Building Nova Earth: Toward A World That Works for Everyone

Sword and Shield? Against Whom?

I’m rapidly recovering from my turtle time (sigh…), which has allowed me to catch up on some of my reading and I wanted to comment on two items.

The first is Archangel Michael’s interview from Hour with an Angel on Dec. 26 and the second is the Project Camelot Whistleblower radio program with David Wilcock, which at last I’ve had the chance to read, straggling behind the pack to do so. Let me comment on AAM today and David tomorrow.

I’ve never worked with a kinder or wiser boss than AAM. I’ve watched how he phrases things with me and the people I work with and marvelled at the manner in which he takes a person’s vasanas and shows how they can be made into virtues.

One person’s tendency to worry makes him an ideal watchdog.  Another person’s thrown (1)  concern for social justice makes him an ideal ombudsman.  Werner Erhard used to advise us to co-opt our critics by appointing them in charge of the area they see clearly in. AAM makes that the ultimate art.

Specifically what I wanted to draw attention to was this passage in his message:

“I wish tonight to reach into your hearts – yes, as I ignite the blue flame once again of truth – but to truly ignite the flame of inner peace. I ask you, I encourage you, I urge you – I beg you, pick up your sword and shield that I have gifted you so long ago and wield them.

“This is not simply a defensive posture. It is the declaration of who you are in awakening peace within your heart. I also wish to awaken fully your warrior self. When you are in peace, it is not simply a blissful, quiet place, it is a place where there is no fear, where there is no worry, where there is no anger, where there is no frustration, that there is only the clarity of your soul.”

Pick up our sword and shield against whom? How can a warrior of peace assume a warlike stance, a defensive posture? I’d like to say two things about that, one derived from karate and one from growth work.

Anyone who has studied karate will know that all karate responses begin with a defensive move. A punch comes in, or a kick comes in and the karate student responds with a block. But it isn’t until the first time a person is required to use their karate skills that they realize the manner in which they’ve been trained. If one is taught to respond only with a defensive move, one has been inconspicuously trained not to attack.

I had no training in how to attack another. If the person attacking me abandoned their intention, nothing ever got started because I was trained only to initiate by defending. Here too Archangel Michael is not trying to invite us to attack but to defend ourselves, in the same way the karate instructor did.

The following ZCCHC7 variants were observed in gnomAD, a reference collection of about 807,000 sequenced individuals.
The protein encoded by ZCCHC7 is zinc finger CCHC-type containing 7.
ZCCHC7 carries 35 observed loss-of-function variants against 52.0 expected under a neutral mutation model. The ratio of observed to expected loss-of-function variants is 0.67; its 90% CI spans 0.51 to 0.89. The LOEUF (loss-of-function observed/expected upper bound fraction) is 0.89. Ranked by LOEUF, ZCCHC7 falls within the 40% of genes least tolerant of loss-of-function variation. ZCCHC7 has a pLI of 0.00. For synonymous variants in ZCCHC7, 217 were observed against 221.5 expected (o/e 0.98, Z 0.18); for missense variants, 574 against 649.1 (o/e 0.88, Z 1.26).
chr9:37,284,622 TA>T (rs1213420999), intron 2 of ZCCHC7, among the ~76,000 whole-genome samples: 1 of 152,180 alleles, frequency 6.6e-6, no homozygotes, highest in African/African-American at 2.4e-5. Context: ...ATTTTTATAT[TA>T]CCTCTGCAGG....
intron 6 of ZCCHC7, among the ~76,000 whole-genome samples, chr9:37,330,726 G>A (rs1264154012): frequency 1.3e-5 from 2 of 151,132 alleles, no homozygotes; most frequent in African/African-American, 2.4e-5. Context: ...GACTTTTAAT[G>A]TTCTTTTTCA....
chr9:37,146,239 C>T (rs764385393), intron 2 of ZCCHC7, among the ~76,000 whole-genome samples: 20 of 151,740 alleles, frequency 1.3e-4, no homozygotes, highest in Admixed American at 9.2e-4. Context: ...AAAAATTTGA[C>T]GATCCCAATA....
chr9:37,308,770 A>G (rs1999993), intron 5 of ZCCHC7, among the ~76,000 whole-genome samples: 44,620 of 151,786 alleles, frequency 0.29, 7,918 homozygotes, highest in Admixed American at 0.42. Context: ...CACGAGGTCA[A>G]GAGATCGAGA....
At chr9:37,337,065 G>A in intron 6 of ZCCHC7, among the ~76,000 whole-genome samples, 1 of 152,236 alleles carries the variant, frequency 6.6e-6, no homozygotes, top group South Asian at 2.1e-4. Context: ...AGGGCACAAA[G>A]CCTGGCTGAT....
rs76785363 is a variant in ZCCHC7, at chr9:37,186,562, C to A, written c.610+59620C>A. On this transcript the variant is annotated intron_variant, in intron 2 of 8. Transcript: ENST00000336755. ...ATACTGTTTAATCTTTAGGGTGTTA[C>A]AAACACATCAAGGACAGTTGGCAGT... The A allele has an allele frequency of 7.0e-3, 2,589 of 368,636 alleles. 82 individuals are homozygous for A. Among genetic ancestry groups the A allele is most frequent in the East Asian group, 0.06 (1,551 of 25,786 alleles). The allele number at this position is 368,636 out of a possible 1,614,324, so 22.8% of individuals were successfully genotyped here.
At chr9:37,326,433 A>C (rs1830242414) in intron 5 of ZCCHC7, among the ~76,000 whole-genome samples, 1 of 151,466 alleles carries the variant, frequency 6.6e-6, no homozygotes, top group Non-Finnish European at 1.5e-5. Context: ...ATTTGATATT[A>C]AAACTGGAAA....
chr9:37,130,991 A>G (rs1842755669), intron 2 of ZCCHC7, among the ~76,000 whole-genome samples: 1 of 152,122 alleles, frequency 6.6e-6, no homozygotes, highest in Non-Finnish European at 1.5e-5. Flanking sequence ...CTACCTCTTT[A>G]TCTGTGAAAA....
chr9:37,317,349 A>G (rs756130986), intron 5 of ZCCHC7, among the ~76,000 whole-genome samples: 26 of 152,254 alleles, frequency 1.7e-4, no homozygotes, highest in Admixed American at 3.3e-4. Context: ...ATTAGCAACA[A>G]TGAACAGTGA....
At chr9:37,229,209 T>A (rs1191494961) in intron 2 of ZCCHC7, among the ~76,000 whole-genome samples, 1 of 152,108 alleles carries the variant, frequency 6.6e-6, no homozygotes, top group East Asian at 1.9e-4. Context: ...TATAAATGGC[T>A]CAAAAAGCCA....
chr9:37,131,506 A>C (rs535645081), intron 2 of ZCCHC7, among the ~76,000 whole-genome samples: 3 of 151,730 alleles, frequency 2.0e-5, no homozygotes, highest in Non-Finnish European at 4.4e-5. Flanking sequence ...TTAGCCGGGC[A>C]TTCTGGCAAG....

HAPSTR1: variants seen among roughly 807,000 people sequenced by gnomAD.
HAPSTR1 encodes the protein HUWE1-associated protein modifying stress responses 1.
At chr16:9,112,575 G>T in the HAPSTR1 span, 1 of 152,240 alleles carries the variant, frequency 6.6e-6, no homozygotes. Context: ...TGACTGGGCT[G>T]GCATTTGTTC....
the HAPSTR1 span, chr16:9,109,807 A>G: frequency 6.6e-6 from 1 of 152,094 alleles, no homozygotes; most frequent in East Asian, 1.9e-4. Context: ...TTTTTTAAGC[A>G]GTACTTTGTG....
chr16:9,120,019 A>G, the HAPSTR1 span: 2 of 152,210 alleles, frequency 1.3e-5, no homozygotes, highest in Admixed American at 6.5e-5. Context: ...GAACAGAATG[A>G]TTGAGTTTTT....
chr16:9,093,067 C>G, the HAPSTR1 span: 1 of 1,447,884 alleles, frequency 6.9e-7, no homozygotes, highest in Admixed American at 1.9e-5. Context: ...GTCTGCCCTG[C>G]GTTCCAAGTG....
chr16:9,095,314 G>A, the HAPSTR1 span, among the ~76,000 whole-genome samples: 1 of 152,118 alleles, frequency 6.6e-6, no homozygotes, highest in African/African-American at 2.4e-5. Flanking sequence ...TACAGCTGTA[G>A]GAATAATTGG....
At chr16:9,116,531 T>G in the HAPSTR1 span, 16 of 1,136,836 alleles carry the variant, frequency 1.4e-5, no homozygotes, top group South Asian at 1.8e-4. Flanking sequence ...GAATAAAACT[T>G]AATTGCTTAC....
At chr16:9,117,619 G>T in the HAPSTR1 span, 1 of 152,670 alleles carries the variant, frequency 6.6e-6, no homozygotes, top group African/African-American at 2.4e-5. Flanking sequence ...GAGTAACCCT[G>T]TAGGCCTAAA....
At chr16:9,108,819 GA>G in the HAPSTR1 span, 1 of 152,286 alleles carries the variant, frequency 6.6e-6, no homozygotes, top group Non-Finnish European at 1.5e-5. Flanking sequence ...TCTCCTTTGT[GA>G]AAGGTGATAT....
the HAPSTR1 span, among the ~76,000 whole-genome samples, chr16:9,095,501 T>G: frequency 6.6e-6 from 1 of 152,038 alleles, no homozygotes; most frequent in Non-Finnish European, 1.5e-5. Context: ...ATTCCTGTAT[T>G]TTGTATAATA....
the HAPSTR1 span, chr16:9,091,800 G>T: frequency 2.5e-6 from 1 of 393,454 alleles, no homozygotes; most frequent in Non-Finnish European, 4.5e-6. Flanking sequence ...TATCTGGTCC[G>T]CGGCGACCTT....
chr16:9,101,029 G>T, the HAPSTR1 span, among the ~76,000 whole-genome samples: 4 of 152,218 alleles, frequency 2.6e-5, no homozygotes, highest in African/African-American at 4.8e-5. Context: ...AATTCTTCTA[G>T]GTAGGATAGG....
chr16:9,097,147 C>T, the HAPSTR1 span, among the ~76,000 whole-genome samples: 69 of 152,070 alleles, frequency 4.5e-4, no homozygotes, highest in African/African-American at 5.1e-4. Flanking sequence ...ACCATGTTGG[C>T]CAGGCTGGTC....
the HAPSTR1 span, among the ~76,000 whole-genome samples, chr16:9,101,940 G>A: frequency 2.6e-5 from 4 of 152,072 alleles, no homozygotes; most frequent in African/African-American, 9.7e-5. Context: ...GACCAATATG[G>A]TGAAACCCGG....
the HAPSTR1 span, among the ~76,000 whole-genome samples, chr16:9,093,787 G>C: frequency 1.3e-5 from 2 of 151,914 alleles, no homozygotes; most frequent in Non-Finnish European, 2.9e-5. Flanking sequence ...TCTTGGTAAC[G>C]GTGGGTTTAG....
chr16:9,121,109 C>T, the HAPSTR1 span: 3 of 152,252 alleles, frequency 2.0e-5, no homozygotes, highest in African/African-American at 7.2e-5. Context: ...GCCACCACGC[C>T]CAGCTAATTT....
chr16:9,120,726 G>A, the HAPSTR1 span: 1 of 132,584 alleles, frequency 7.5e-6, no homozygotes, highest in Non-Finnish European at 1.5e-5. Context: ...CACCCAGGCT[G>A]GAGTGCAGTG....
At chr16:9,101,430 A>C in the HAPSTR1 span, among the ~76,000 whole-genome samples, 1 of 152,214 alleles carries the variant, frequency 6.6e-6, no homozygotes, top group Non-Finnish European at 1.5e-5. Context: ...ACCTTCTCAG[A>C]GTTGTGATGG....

But who have we taken up sword and shield against? Someone out there? Probably not. More likely someone in here. Who is it that fears, worries, and gets angry? It’s the ego. The Self has no fear and no reason to fear. The Self has no worry and no reason to worry. And the Self does not anger and has no reason for anger. Only the ego does.

So, yes, we may need to yield the sword and shield against attack from outside. It could happen. But principally the chief violator of the peace is our own ego. And if we restrict matters to ourselves alone and leave others out of the equation for the moment, then the violator of the peace is always only our own ego.

Nowhere has that become more obvious to me than in the present work I’m involved in. I watch my own ego become territorial. I watch it want to conserve all the glory to itself. I watch it strut and sing its own praises. And I take up the sword and shield that AAM has given all of us starseeds and I take a stand against my own ego. And every time I do, after the fact, I see how mistaken was my ego’s appraisal of the situation and how well it worked out when I didn’t listen to it. But it takes a struggle to unhitch from the mischief maker.

Let me stop there for now and in a second post tomorrow look at one of the interesting revelations in  David’s Project Camelot interview. Yes, the concerted effort of lightworkers and insiders may have saved David from a terrible fate, but his revelations have also provided us with some valuable insights into NESARA and the New Society.

Footnotes

(1) A “thrown” concern is a concern that springs from a vasana or automatic tendency. It is usually an unexamined concern.

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